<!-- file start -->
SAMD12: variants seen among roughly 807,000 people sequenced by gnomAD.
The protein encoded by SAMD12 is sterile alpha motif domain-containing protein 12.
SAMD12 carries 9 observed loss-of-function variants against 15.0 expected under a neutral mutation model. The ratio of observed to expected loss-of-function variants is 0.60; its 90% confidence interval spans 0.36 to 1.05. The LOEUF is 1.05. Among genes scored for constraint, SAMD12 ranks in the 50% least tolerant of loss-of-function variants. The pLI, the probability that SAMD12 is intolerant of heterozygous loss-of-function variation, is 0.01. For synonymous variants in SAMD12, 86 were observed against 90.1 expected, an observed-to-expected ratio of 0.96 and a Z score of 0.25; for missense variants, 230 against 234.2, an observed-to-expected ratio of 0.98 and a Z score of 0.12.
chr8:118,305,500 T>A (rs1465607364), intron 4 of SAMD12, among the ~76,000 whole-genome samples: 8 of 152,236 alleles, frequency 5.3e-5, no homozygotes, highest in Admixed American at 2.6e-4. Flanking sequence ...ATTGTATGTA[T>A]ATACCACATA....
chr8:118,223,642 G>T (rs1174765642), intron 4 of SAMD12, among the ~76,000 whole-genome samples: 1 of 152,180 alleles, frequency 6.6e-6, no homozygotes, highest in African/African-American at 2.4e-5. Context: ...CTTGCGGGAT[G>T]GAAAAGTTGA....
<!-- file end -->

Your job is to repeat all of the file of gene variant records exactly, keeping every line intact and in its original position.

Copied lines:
SAMD12: variants seen among roughly 807,000 people sequenced by gnomAD.
The protein encoded by SAMD12 is sterile alpha motif domain-containing protein 12.
SAMD12 carries 9 observed loss-of-function variants against 15.0 expected under a neutral mutation model. The ratio of observed to expected loss-of-function variants is 0.60; its 90% confidence interval spans 0.36 to 1.05. The LOEUF is 1.05. Among genes scored for constraint, SAMD12 ranks in the 50% least tolerant of loss-of-function variants. The pLI, the probability that SAMD12 is intolerant of heterozygous loss-of-function variation, is 0.01. For synonymous variants in SAMD12, 86 were observed against 90.1 expected, an observed-to-expected ratio of 0.96 and a Z score of 0.25; for missense variants, 230 against 234.2, an observed-to-expected ratio of 0.98 and a Z score of 0.12.
chr8:118,305,500 T>A (rs1465607364), intron 4 of SAMD12, among the ~76,000 whole-genome samples: 8 of 152,236 alleles, frequency 5.3e-5, no homozygotes, highest in Admixed American at 2.6e-4. Flanking sequence ...ATTGTATGTA[T>A]ATACCACATA....
chr8:118,223,642 G>T (rs1174765642), intron 4 of SAMD12, among the ~76,000 whole-genome samples: 1 of 152,180 alleles, frequency 6.6e-6, no homozygotes, highest in African/African-American at 2.4e-5. Context: ...CTTGCGGGAT[G>T]GAAAAGTTGA....